This article is absolutely ridiculous. If you don’t mind paying $6.00 for a gallon of gas, or $15.00 for a pound of hamburger, then go right ahead and make the minimum wage $18/hr. If that is so good, why not make it $100/hour? Raising the minimum wage causes 4 things: fewer jobs, the incentive to find machines that will do the jobs of those making minimum wage, businesses just giving up and going out of business, and higher union wages across the board. Many union wages are pegged at minimum wage plus whatever. The higher the minimum wage, the higher the union wage. Unfortunately those advocating a higher minimum wage simply don’t understand how a business runs. The business is started to fill a need for a service or goods. The owner builds the business, which he, or she, has sweated and busted their butt over. When business reaches the point where the owner can no longer keep up with consumer demand, the owner hires help. The whole point of help is to make the business more money, not provide someone with a job. If that person costs the owner, rather than making money for the owner, the owner is going to figure out a way to get rid of whatever costs money. That is the essence of business, and the sooner the ivory tower eggheads learn this, the better off the country will be.

    • Bill

      Typical GOP bull shit, drive everything way out of control, make up shit, talk crazy. The GOP has nothing to offer this country. People need the benefit of the government, not just the rich. There’s a war going on and the rich are winning.

      • daniel bostdorf

        dont feed the trolls….

    • daniel bostdorf

      hyperbole disguised as meaningful discourse…troll…

      A social media troll as someone who seeks to lure or bait people into negative, disruptive rhetoric for their own edification or to commandeer an otherwise free-flowing discussion among colleagues. They don’t recognize anyone that may be interested in discussing something that bores them and opt to criticize or yell “boring” instead of engaging in the discussion. They choose to belittle those who seek the information and discourse as well as those who try to provide it. They simply have no interest in anything that is not self-serving.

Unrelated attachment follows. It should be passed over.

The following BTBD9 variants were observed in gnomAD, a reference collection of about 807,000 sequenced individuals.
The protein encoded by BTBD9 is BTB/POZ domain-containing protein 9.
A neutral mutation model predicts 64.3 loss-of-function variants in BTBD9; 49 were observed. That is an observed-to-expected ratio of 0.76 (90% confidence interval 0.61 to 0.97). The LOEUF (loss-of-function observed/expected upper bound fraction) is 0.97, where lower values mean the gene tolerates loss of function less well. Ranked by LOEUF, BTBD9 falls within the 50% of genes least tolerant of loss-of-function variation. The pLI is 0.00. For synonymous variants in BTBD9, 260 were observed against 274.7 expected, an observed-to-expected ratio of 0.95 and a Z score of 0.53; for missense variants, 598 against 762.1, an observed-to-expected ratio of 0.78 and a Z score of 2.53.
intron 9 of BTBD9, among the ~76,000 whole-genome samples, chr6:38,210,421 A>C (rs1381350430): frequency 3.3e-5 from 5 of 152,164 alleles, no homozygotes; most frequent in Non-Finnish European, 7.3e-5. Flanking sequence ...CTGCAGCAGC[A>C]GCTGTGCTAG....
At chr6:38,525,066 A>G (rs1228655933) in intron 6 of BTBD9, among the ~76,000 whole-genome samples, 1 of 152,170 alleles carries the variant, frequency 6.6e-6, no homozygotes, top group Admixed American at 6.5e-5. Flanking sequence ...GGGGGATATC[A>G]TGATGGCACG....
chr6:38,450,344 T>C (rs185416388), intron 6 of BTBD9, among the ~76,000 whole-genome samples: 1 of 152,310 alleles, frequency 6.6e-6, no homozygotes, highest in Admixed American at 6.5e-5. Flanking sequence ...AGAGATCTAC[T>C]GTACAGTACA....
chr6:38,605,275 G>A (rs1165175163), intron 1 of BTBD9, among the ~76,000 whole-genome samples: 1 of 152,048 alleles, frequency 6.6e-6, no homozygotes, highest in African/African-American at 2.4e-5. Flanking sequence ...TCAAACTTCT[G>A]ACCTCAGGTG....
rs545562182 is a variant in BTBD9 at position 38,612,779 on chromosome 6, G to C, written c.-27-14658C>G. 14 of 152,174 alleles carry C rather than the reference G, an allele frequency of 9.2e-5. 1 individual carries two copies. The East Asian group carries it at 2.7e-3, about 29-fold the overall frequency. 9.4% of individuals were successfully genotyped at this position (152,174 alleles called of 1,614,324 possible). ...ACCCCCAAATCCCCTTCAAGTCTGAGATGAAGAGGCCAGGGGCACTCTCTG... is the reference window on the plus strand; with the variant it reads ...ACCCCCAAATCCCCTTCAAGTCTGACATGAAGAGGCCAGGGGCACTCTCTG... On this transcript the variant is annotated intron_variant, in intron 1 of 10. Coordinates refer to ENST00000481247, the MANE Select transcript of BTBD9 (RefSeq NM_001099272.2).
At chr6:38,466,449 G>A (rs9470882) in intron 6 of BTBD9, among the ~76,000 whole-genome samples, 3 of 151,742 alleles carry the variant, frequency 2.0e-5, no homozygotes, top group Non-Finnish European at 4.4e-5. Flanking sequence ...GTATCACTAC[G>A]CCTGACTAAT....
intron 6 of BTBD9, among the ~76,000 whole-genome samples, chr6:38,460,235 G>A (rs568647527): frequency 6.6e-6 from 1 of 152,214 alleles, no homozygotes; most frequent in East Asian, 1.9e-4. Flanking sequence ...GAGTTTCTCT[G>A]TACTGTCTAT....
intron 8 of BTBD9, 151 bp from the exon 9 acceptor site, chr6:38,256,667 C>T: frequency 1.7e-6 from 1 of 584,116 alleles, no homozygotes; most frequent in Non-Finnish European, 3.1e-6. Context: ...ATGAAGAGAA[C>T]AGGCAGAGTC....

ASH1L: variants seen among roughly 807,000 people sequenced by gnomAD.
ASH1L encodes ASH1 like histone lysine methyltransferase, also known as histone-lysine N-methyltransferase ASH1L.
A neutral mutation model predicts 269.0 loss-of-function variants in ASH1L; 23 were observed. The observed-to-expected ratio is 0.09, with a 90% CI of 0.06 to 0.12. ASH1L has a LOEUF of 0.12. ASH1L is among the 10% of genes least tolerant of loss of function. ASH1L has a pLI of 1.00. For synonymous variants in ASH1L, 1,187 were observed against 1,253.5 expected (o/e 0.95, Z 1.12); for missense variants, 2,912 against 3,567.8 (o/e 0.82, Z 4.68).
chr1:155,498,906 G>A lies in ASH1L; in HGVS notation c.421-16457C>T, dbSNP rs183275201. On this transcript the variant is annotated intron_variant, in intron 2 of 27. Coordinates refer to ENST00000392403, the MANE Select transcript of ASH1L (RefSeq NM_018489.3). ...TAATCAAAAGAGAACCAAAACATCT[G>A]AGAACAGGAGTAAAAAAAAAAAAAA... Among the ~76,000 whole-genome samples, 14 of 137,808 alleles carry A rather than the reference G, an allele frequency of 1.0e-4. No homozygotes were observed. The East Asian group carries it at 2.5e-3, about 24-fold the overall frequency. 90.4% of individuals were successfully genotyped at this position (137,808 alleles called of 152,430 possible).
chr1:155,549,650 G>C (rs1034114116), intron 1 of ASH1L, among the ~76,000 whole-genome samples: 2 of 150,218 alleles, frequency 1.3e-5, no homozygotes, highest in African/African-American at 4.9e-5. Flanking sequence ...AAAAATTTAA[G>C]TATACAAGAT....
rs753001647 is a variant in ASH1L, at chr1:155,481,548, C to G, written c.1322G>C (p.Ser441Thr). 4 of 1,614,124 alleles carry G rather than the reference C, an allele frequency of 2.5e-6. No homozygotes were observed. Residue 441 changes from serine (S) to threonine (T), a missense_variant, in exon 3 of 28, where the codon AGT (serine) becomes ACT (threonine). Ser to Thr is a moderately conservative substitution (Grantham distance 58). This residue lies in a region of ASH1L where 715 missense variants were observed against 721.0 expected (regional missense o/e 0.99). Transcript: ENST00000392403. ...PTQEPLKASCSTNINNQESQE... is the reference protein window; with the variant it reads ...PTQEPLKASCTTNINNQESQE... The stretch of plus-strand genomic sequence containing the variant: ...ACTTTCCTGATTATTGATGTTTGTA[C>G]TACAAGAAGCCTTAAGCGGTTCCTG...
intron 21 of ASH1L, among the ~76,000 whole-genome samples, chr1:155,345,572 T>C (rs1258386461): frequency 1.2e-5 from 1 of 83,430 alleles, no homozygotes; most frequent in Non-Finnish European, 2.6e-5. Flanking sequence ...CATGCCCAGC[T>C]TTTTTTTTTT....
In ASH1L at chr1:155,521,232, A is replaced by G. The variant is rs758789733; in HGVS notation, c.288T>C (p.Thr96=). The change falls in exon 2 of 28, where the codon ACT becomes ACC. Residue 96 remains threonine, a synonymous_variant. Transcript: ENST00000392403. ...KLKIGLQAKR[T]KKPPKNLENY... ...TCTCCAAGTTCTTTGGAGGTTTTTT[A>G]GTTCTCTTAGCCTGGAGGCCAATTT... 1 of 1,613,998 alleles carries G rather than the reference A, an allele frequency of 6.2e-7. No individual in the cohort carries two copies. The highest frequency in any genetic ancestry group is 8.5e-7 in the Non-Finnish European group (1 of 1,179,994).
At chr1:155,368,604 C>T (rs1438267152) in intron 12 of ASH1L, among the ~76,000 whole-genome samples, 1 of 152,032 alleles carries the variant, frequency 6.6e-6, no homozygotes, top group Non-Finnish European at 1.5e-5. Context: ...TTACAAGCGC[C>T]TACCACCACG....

• SmilingAhab

      The problem with this logic is this “the owner is going to figure out a way to get rid of whatever costs money”…

      That may be fine with things, but there’s only one way to get rid of a person, and that’s to kill him.

      Business aside, what do we do to prevent the desperation and social poverty bred by famine, pestilence, and conflict due to not being able to meet basic needs? There will never be such a thing as 100% employment where wages are matched with the cost of commodities and such services as are necessary to produce mentally and socioeconomically stable offspring – so to tie access to the basics of surviveal to a wage system that itself is only concerned with demand and not with adequate access to basics will leave a large contingent of our citizenry below the baseline whereby they can access the basics!

      We are not trying to undercut those who have earned the fruits of their business, we are trying to provide access to the basics as universal as possible. That means, being as access is tied to payment, and thus wages, that wages must be above commodity and housing costs.

      If you figure out a way around this, I’d like to hear it, because “the owner is going to figure out a way to get rid of whatever costs money” is a step away from taking the weak, the infirm, the homeless, and the undesirables down to a firing line.

  • Allan Richardson

    The ultra-right-wing interpretation of productivity gains is that ALL the gains are due to improved machines, which the workers do not own, the company does, so workers do not deserve ANY of it, owners deserve ALL of it. This philosophy eventually leads to feudalism, because as the total circulating money supply goes up, if the vast majority of people, being workers, are not getting any more of it, the majority actually get POORER (even though they have NOT become “lazier” on average), resulting in the F-word.

    Not Fascism, but Feudalism.

  • daniel bostdorf

    I want to thank Jason Sattler for posting this provoctive article. It has created positive dialogue for most part….usual trolls….and nay sayers who simply pooh pooh reality of facts…

    in addition, Jason has provided important anti-ersial troll controll.

  • Wrily

    Yeah, let’s push all the fixed income seniors into poverty. Never mind that they have already made their productive contribution to society.

  • SmilingAhab

    Access to adequate food, water, protection from the elements, and such services and commodities as are necessary to promote personal and family health, both physical, mental, and socioeconomic, are all tied to payment, which means they are tied to wages. If wages are not enough to meet the costs of “the basics”, then we have a large contingent of citizens who cannot meet the basics. And since there will never be economic conditions in which 100% of people are employed and making a wage adequate enough to cover the basics, there will always be a lost contingent.

    So if raising wages will not produce the intended effect, we need another way. And all I hear is complaining. People don’t just disappear when they lose the economic game, whether through misfortune or lack of business acumen. They starve, they become exposed and homeless, and they become desperate. No one who can look that fact, that our current system routinely abandons humans and ignores its own externalized costs, and continue to wail about attempts to shore it up, can consider himself human.

    If you don’t like this solution, then what is yours?